Cool study out by DDI entitled "Execution and Engagement: Can Leaders Be Ambidextrous? Doing Both Well Is Critical."
The findings were pretty interesting. As young mid-level managers start climbing the career ladder, they gradually become better at driving execution and worse at ensuring engagement. Check out the chart from the study below:
You can go get the case study by clicking this link, although the summary doesn't give you much more than I'm giving you here.
When you think about it, it stands to reason. You learn the craft of management and gradually come to realize how to drive results, and also have a greater appreciation for the fact that's what you're there to do. You also become a bit detached from the masses of humanity doing the work - so your ability, desire and interest to have an eye on engagement goes down.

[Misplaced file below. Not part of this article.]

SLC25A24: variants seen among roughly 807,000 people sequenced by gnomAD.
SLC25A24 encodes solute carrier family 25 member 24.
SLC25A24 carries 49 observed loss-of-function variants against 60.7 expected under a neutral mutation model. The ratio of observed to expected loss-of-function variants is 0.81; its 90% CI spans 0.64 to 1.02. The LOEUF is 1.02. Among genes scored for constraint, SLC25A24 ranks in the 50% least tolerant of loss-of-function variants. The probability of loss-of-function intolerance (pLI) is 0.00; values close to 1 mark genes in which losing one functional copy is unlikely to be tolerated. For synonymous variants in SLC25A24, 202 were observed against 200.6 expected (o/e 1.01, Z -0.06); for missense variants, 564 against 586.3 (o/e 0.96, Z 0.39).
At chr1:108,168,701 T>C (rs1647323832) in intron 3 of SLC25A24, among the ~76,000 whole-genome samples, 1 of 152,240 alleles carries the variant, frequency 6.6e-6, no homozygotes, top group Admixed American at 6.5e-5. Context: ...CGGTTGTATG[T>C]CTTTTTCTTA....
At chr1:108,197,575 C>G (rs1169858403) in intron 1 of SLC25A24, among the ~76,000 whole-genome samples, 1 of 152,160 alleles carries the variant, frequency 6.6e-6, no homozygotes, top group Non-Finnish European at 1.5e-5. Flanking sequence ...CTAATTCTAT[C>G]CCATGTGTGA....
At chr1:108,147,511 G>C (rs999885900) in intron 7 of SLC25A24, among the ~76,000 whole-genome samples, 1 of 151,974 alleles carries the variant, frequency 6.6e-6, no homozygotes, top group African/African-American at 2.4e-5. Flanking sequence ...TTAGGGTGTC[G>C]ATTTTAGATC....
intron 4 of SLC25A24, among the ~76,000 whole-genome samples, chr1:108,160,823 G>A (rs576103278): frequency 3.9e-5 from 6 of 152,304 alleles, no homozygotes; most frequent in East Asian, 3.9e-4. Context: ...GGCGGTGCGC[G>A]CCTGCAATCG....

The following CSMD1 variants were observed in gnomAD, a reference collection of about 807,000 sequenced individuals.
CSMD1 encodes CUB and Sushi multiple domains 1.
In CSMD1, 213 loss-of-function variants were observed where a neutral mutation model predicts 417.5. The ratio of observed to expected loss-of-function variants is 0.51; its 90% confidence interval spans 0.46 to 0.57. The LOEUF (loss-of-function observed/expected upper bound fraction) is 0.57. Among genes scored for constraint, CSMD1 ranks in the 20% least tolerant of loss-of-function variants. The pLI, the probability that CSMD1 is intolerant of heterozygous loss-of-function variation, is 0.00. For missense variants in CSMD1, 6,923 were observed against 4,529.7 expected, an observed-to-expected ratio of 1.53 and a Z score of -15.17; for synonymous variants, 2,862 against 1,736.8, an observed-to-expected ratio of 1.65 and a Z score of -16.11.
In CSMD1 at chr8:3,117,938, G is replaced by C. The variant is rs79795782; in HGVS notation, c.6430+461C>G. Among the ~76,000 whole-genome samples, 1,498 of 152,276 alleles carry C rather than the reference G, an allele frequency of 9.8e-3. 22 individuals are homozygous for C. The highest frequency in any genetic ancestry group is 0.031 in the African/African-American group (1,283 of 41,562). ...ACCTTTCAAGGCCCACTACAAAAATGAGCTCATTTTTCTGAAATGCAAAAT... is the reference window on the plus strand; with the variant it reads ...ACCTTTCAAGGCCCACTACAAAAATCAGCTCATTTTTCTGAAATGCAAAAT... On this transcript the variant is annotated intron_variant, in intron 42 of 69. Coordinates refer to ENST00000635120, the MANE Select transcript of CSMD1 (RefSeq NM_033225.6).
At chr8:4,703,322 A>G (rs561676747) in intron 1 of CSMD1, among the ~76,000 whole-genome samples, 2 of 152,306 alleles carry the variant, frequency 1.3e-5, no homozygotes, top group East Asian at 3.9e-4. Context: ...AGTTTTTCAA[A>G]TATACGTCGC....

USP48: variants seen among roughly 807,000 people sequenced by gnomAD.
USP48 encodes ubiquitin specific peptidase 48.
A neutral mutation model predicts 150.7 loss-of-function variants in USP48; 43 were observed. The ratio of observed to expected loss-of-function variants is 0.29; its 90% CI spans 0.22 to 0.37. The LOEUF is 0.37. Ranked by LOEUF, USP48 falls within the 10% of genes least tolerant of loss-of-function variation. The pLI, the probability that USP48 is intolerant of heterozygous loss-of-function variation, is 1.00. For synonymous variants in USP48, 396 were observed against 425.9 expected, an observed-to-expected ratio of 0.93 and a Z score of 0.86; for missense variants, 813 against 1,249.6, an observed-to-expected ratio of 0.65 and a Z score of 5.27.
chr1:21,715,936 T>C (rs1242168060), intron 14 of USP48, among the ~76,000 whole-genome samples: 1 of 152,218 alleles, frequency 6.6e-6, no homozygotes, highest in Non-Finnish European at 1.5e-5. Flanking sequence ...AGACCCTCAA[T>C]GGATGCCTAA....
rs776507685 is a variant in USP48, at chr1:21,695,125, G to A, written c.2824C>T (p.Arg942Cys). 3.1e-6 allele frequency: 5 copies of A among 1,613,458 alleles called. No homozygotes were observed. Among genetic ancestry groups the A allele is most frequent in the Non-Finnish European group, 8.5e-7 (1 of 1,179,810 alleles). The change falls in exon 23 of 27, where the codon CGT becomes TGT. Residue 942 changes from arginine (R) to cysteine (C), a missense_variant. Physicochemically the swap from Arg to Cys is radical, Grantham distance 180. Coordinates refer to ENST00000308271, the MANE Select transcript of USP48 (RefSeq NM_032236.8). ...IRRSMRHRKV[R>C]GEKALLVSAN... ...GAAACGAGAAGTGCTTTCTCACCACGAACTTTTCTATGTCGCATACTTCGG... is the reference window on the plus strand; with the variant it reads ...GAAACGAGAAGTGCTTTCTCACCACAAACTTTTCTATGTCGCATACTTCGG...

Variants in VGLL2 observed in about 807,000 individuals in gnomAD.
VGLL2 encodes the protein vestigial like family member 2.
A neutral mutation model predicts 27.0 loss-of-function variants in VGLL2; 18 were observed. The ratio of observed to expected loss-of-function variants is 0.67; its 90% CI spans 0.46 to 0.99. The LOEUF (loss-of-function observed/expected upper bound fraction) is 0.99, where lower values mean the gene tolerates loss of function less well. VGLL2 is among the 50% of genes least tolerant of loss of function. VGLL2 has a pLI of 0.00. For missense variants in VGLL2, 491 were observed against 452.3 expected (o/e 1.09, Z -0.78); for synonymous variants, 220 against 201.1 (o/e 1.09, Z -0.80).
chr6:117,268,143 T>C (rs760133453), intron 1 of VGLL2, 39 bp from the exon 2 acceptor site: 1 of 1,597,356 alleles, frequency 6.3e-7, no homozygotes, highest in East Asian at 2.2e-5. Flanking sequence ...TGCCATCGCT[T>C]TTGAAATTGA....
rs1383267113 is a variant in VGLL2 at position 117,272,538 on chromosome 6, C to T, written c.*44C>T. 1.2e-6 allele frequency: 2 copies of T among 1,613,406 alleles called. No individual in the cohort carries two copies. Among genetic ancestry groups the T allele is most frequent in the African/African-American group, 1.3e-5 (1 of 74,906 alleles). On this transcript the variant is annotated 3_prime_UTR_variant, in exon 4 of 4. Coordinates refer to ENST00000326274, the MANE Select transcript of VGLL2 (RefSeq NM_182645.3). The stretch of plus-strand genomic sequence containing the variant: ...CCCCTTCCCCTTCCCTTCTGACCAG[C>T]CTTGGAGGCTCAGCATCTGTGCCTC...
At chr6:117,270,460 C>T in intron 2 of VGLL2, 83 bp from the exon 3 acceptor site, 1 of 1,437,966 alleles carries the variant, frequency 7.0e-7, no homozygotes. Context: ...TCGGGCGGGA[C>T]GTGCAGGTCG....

Also of note is the middle percentage in the chart above - the percentage of managers in each career level who have relative balance between their ability to engage and execute - the sweet spot of leadership, if you will...
The DDI paper does a good job of restating the fact that both execution and engagement are necessary for peak company performance. I agree with that.
However, it would be great to see macro company performance tied to this in some way.
After all, execution/results are just that - outcomes. I'm thinking you can only drive execution and results without engagement for a time period without starting to lose ground. I'd love to see what the lag period is before the lack of engagement comes back to bite those hard charing C-Suite executives in the butt.